In this Flail Snail Tactics blog post the author argues that there are no drawbacks to Flail Snail Shell Defense ability.

Shell Defense, as an action, is one-way: it activates a benefit. To deactivate the benefit requires only a bonus action—and why would it ever deactivate the benefit?

Following the principle of always interpreting every fifth-edition rule absolutely literally tells us something counterintuitive in this case: Shell Defense doesn’t prevent the flail snail from attacking. “The flail snail withdraws into its shell” seems like it should prevent it from attacking, but contrast the benefit of Shell Defense, a +4 AC bonus, with the Flail Tentacles trait:

“If all its tentacles die, the snail retracts into its shell, gaining total cover” (emphasis mine).

A +4 bonus to AC isn’t total cover; it’s not even three-quarters cover. Even after the flail snail retracts, something is still sticking out of that shell—and by deduction, it’s the tentacles.

Is this true according to RAW and RAI?


2 Answers 2


There are no drawbacks! Stay in-shell.

Looking at the Flail Snail entry (Volo's Guide to Monsters, p. 144):

Shell Defense. The flail snail withdraws into its shell, gaining a +4 bonus to AC until it emerges. It can emerge from its shell as a bonus action on its turn.

There is no language in here that states withdrawing into the shell prevents any of its actions. There also is no language in its actions that states they are only available if out of the shell.

Whether or not the intent was to provide a downside, the actual entry does not. There isn't any mechanical reason why it wouldn't always be in its shell for an AC of 20 at all times.

A contrasting example

The Tortle (The Tortle Package, p. 23) uses shell defense as well, but it adds some other bonuses/penalties:

The tortle withdraws into its shell. Until it emerges, it gains a +4 bonus to AC and has advantage on Strength and Constitution saving throws. While in its shell, the tortle is prone, its speed is 0 and can’t increase, it has disadvantage on Dexterity saving throws, it can’t take reactions, and the only action it can take is a bonus action to emerge.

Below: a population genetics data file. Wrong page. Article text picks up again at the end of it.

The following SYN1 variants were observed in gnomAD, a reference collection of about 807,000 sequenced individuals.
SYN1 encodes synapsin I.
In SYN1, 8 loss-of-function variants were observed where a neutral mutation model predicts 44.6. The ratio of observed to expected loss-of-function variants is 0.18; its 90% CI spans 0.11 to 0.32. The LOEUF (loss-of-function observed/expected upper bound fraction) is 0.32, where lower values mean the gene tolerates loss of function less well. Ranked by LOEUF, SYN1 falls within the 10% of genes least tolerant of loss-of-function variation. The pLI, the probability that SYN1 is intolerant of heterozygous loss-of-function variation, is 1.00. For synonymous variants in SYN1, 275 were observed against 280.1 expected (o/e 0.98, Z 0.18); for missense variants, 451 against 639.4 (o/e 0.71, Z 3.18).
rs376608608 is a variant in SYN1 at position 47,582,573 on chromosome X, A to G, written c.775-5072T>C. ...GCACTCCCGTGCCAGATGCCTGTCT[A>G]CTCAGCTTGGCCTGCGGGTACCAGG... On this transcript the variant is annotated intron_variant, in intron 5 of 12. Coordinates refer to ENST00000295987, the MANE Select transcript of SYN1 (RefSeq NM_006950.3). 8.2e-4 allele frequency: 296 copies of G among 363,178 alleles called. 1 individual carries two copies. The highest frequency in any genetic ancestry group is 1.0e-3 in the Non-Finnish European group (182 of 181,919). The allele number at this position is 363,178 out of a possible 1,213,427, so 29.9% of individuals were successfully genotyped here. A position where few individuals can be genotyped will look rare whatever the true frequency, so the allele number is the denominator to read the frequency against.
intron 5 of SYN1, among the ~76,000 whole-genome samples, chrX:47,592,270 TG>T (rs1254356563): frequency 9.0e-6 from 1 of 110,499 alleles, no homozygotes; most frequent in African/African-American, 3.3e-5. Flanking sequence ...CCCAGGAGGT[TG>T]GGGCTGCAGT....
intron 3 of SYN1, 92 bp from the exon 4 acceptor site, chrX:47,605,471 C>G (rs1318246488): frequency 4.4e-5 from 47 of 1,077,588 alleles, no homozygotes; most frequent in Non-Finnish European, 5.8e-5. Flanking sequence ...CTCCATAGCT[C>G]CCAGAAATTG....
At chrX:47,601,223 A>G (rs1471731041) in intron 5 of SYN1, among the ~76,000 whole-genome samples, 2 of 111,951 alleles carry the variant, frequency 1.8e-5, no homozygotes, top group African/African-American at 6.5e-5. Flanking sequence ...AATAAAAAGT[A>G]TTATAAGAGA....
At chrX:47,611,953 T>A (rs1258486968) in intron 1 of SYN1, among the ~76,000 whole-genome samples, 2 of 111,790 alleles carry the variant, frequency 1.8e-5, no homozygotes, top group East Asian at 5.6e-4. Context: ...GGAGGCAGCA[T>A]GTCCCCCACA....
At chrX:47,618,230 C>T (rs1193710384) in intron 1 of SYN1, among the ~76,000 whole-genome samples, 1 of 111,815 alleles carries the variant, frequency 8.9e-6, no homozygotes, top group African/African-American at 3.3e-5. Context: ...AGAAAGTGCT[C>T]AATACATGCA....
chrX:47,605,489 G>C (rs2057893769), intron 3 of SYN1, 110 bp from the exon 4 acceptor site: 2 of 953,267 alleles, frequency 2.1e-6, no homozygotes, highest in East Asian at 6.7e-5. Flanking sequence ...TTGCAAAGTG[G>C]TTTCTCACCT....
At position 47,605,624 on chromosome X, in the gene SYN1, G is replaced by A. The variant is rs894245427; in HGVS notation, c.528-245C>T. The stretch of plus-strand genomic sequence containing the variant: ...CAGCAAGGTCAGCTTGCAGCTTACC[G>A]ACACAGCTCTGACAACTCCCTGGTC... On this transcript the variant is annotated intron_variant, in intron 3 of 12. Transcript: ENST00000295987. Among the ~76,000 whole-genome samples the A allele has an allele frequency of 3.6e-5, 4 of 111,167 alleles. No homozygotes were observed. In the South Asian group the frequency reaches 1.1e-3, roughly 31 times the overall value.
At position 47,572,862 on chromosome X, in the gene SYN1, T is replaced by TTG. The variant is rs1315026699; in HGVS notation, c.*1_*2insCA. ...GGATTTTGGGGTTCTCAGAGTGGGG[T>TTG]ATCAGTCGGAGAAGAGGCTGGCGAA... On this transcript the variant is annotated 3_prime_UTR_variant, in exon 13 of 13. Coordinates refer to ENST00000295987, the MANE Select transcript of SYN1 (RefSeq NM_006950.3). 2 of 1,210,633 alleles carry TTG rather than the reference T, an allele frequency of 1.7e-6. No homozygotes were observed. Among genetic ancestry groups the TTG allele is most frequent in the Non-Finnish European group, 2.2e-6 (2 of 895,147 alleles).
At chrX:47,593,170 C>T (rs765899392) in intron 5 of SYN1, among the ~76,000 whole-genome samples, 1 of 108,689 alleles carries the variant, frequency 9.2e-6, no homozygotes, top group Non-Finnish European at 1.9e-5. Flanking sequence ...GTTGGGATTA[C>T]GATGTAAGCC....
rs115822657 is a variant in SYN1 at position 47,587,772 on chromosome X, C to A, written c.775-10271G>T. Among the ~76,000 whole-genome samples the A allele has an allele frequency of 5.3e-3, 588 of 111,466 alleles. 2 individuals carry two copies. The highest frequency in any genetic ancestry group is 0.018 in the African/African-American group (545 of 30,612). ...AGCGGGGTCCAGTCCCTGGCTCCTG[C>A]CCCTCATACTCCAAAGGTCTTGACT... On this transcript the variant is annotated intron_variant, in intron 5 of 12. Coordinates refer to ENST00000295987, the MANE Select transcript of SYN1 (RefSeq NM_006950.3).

Without the language similar to that of the Tortle above that specifically calls out penalties, we have to read that there are none for the flail snail.

  • 1
    \$\begingroup\$ I'm not sure if it's pertinent, but maybe it's under the assumption that it could be found outside its shell somehow, or that players could drive it out...? \$\endgroup\$
    – user52772
    Aug 7, 2019 at 16:01
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    \$\begingroup\$ @TylerGubala That's a big maybe :) A DM could opt to play it like that, but there are no rules in the statblock about driving it out. \$\endgroup\$
    – NotArch
    Aug 7, 2019 at 17:00
  • 2
    \$\begingroup\$ Yeah it just seems like an all-around odd thing to include as an opt-in bonus \$\endgroup\$
    – user52772
    Aug 7, 2019 at 17:12
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    \$\begingroup\$ @NautArch It doesn't need rules in the statblock; the snail isn't immune to the charmed condition and there's plenty of enchantment magic that can make it do that. \$\endgroup\$ Aug 7, 2019 at 18:00
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    \$\begingroup\$ @thedarkwanderer Not sure I'd come up with a reasonable suggestion (or other charm) that would work to get them to come out. But it's a possibility! \$\endgroup\$
    – NotArch
    Aug 7, 2019 at 18:02

By this argument, the drawback is that the snail is blind.

If the tentacles are all destroyed then the snail retracts into its shell and gains total cover. Therefore (the reasoning goes) when using Shell Defense, the tentacles are still outside the shell.

But what's not outside the shell are the snail's eyes. A creature with total cover can't see through the cover* (and if its eyes were sticking out, it wouldn't have total cover, now would it?). So it should be considered Blinded while inside the shell, with all the usual consequences (most importantly advantage on attacks against it).

I say "considered Blinded" because, while it doesn't strictly have the Blinded condition, its line of sight is blocked in every direction, making the entire world heavily obscured.

A heavily obscured area--such as darkness, opaque fog, or dense foliage--blocks vision entirely. A creature effectively suffers from the blinded condition when trying to see something in that area.

This reasoning relies on the argument that the difference between Shell Defense and the fully retracted state is that the tentacles (and only the tentacles) are outside the shell. I don't completely buy that claim, but on the other hand, it's a snail. When a snail hides inside its shell, it pulls its eyes in.

Flail Snails do have tremorsense, and that will still work, but tremorsense isn't a full replacement for sight.

*unless it's provided by something transparent like a glass window or wall of force spell; that would not seem to apply here.

  • 4
    \$\begingroup\$ Fair enough. But that's for what happens when the tentacles are destroyed not the standard shell defense. Shell defense as a standalone doesn't State total cover. \$\endgroup\$
    – NotArch
    Aug 7, 2019 at 21:08
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    \$\begingroup\$ Just thought of this as well, if it's behind total cover and it can't see you in there for you can't see it how can you targeted it all? \$\endgroup\$
    – NotArch
    Aug 7, 2019 at 21:16

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